The stock piano in Garageband doesn’t have the best sound, let’s be honest.
However, there are some things that one can do to increase the quality of it while simultaneously making it sound better in context with other instruments.
By the way, I’m always on the lookout for deals in the music industry (there’s usually something if you know where to look). Right now, there are 2 deals that stick out to me.
|Punkademic’s Comprehensive Music Theory Course (Great for Beginners)||Only $20/month with All-Access Pass Use the coupon code: “producersociety”|
|PianoForAll (Awesome Piano Course for Music Producers)||On Their Site|
While we can increase the quality of Garageband’s piano sounds using EQ, compression, reverb, and ambiance, the best way to get a superior piano is to simply download another plug-in that sounds way better right out of the box.
The best free piano sounds for Garageband are the 4Front piano and the Soft Piano from Spitfire Audio Labs.
Not only are these two plug-ins much better than the stock Steinway straight out of the box, but with some dynamics processing and effects, they can be improved significantly.
In this article, we’re going to do three different things.
First, I’m going to show you how I get the most of Garageband’s stock Steinway Grand Piano.
Then, I’m going to show you the 4Front piano and Spitfire Audio Lab’s Soft Piano, including how to get them to sound better, however, of course, nothing is going to compare to a premium piano plugin like Spectrasonics’ Keyscape from Plugin Fox, so just keep that in mind.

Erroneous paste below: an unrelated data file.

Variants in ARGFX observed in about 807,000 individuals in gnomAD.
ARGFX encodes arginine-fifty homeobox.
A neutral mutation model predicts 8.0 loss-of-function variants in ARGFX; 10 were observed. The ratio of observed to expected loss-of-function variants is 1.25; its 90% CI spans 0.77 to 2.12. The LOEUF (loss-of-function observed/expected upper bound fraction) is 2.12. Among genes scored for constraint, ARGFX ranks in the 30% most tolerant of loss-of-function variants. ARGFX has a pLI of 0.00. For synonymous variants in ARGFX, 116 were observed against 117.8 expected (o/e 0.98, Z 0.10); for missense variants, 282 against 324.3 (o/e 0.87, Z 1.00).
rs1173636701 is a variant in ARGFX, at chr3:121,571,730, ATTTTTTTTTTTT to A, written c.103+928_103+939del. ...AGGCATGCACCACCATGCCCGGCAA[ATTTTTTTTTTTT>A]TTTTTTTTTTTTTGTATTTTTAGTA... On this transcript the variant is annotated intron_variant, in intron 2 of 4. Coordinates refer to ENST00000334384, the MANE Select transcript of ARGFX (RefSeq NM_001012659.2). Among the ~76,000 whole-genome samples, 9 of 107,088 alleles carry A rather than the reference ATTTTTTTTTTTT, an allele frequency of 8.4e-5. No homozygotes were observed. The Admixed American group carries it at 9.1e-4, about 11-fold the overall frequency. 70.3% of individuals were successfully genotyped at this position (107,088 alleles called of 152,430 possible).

Table of Contents
How To Get The Most Out Of Garageband’s Steinway Grand Piano
Technically, I’ve already shown how I go about doing this in my article on how to get Garageband instruments to sound more professional. However, I’m going to briefly run through it in this article as well.
To make the most out of the Steinway Grand Piano, you can do a number of things, including the addition of reverb, ambiance, compression, EQ, parallel compression, panning, along with a little bit of delay. You can make significant improvements also by learning from PianoForAll (their website here), which is probably the cheapest and most efficient way of learning.
If you use several of the aforementioned tactics, the piano is going to sound much better, but of course, it’s still not going to sound as good as a piano that you’ve actually paid for.
Regardless, I’m going to run through some of the things that I like to do to get a piano to sound a bit better.
Reverb is the easiest thing to add to pretty much any instrument.
It’s as simple as going down into the Smart Controls like what’s shown in the image below on the right-hand side:
Typically, I’ll increase the reverb to around 4-6 on the dial, or 11:00, if you think of it in terms of a clock.
Additionally, you could go into the plug-ins and choose an entirely different type of reverb, including EnVerb, Platinum Verb, SilverVerb, and Space Designer, and there are a number of pre-sets that come each one.
With that said, I’ll typically use the regular reverb that’s included right there in the smart controls, however, due to reverb’s importance and popularity, a lot of users like to use Eventide’s SP2016 Reverb (from Plugin Boutique) instead which is probably one of the most acclaimed reverb plugins.
Regarding ambience, which I’ve explored entirely in a separate guide, it functions the same way that reverb does in Garageband, in that, you just turn the dial until you think it sounds good.